Volume 18, Issue 1
  • ISSN 0172-8865
  • E-ISSN: 1569-9730
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Mauritius was a British colony for almost 200 years, but except in the domains of administration and teaching, the English language was never really spoken on the island. This article traces its local history and its failure to establish itself as a replacement for French (and perhaps also the French-based creole) during the 19th and the first half of the 20th century. English is still the official language of Mauritius, but a large proportion of the population does not speak it at all or has at best a very limited knowledge of it. Nonetheless, no other language spoken on the island presents itself as a viable alternative. The historical overview and the discussion of the present situation are complemented by an analysis of the language tables taken from the population censuses of 1931 to 1990 and some data from an inquiry made by the author in the mid-seventies. To complete the study, the English influence on French and Creole is shown, and three specimens of Mauritian English as spoken by young people are given and commented on.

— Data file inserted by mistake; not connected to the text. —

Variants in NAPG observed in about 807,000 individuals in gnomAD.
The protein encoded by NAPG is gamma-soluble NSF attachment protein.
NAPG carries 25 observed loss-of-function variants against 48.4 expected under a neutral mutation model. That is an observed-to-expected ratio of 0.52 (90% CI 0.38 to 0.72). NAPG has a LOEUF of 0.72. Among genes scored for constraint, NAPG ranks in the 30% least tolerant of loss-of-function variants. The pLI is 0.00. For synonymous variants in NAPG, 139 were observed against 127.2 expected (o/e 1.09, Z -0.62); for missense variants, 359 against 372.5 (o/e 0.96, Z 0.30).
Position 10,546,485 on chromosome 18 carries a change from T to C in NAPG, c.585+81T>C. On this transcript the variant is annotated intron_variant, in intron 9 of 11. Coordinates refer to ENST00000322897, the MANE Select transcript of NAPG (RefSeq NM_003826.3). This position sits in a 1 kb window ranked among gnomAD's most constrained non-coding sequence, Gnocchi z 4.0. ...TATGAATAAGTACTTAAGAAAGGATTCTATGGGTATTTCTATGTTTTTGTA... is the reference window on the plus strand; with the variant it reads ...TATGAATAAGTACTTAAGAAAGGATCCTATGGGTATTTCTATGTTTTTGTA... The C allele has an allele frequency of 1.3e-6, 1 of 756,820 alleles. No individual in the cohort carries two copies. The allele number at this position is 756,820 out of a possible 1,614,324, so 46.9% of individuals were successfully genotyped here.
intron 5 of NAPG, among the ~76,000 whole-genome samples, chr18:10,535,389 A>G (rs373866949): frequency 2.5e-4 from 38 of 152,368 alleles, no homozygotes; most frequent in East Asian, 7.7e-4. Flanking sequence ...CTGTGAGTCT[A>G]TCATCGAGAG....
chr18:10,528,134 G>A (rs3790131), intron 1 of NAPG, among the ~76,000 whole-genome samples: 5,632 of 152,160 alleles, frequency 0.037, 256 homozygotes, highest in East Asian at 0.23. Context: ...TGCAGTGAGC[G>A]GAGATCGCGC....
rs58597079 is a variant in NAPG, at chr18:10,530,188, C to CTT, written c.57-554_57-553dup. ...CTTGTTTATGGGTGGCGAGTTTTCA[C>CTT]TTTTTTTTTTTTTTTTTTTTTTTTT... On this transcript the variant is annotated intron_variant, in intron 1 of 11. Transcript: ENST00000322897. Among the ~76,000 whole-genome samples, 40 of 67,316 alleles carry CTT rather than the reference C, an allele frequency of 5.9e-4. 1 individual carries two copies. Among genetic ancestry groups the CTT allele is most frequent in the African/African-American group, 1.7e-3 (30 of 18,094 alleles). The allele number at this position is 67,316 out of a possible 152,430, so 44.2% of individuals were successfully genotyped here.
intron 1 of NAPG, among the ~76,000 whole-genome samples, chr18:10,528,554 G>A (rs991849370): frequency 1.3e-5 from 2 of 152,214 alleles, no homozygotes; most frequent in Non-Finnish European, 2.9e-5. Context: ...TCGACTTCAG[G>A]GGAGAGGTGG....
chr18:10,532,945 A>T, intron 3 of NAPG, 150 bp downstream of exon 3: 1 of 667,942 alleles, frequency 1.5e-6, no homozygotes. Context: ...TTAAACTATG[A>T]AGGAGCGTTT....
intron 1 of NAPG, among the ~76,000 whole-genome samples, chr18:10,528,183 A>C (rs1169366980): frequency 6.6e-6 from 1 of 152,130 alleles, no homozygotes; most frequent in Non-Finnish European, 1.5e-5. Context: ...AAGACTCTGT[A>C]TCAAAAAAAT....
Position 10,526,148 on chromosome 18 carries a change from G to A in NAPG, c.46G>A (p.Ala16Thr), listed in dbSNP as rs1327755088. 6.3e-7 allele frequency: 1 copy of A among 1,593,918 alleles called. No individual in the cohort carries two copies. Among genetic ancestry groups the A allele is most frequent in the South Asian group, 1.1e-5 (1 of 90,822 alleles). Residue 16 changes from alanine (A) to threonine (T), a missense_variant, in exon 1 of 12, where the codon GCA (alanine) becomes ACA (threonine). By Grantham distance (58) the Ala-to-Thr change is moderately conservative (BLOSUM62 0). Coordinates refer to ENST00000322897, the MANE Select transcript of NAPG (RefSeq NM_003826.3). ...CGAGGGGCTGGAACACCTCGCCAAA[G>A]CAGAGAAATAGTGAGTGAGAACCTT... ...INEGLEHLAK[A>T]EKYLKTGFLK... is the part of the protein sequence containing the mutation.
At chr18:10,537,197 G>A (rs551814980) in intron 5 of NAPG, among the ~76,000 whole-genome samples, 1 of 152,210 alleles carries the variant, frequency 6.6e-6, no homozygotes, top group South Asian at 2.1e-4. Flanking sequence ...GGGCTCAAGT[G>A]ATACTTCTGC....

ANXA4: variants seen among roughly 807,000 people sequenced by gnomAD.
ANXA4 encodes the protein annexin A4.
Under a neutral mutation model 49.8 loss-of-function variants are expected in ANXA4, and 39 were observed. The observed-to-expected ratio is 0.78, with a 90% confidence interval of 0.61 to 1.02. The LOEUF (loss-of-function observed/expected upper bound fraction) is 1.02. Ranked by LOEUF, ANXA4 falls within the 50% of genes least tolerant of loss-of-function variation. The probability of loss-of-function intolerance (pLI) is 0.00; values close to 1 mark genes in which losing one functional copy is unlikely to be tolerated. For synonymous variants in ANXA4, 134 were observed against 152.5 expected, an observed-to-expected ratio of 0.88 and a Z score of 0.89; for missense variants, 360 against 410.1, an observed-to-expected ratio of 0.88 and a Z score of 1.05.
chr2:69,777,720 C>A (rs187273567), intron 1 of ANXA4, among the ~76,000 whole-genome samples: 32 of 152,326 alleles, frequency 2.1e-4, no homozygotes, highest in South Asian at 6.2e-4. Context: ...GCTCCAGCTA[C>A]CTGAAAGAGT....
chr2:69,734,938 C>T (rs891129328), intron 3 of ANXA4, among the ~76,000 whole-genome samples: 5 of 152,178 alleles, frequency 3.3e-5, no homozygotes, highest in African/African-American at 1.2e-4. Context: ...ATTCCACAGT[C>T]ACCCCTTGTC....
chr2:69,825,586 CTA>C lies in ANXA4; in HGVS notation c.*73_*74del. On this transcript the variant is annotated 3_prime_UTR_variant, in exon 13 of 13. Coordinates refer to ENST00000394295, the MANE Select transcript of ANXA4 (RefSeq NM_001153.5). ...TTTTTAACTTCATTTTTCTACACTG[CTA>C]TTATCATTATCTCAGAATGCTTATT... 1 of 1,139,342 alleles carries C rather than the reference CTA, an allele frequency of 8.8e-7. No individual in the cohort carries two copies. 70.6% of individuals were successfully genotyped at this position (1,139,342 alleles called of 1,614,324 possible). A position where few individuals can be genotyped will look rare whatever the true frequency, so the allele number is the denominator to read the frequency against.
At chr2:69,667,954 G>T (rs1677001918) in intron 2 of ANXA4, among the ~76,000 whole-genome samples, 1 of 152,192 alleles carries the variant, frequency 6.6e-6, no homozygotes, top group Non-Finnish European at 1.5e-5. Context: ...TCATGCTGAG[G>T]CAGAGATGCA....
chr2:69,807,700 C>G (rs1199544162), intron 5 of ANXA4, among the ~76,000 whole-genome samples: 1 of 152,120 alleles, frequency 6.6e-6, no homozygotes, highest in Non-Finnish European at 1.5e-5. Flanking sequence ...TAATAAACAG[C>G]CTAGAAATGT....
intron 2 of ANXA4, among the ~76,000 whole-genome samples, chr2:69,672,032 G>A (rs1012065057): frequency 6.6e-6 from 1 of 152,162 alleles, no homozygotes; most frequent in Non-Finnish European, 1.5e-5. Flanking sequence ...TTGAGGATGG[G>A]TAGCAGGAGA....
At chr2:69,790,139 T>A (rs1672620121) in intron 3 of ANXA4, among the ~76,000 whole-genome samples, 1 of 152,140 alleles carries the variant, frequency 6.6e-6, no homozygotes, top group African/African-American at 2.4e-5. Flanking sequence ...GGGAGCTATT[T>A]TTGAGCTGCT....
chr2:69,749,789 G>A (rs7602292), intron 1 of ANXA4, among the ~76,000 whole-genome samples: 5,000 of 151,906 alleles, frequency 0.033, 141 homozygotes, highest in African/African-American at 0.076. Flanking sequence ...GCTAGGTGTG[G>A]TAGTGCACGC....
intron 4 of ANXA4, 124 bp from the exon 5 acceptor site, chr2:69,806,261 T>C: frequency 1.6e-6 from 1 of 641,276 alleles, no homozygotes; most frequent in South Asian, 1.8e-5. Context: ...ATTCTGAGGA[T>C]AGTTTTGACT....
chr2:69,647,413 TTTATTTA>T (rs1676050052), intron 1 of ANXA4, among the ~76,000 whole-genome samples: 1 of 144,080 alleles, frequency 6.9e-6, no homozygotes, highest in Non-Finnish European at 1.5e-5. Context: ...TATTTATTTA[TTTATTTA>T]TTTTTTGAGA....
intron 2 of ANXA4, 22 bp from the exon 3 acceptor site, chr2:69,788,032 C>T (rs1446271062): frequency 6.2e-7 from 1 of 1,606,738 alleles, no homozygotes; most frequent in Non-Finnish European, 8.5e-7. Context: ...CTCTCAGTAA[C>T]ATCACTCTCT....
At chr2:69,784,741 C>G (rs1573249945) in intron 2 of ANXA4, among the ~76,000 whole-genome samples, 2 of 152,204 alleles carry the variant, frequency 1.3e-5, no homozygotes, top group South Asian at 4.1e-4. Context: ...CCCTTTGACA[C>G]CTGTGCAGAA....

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  • Article Type: Research Article
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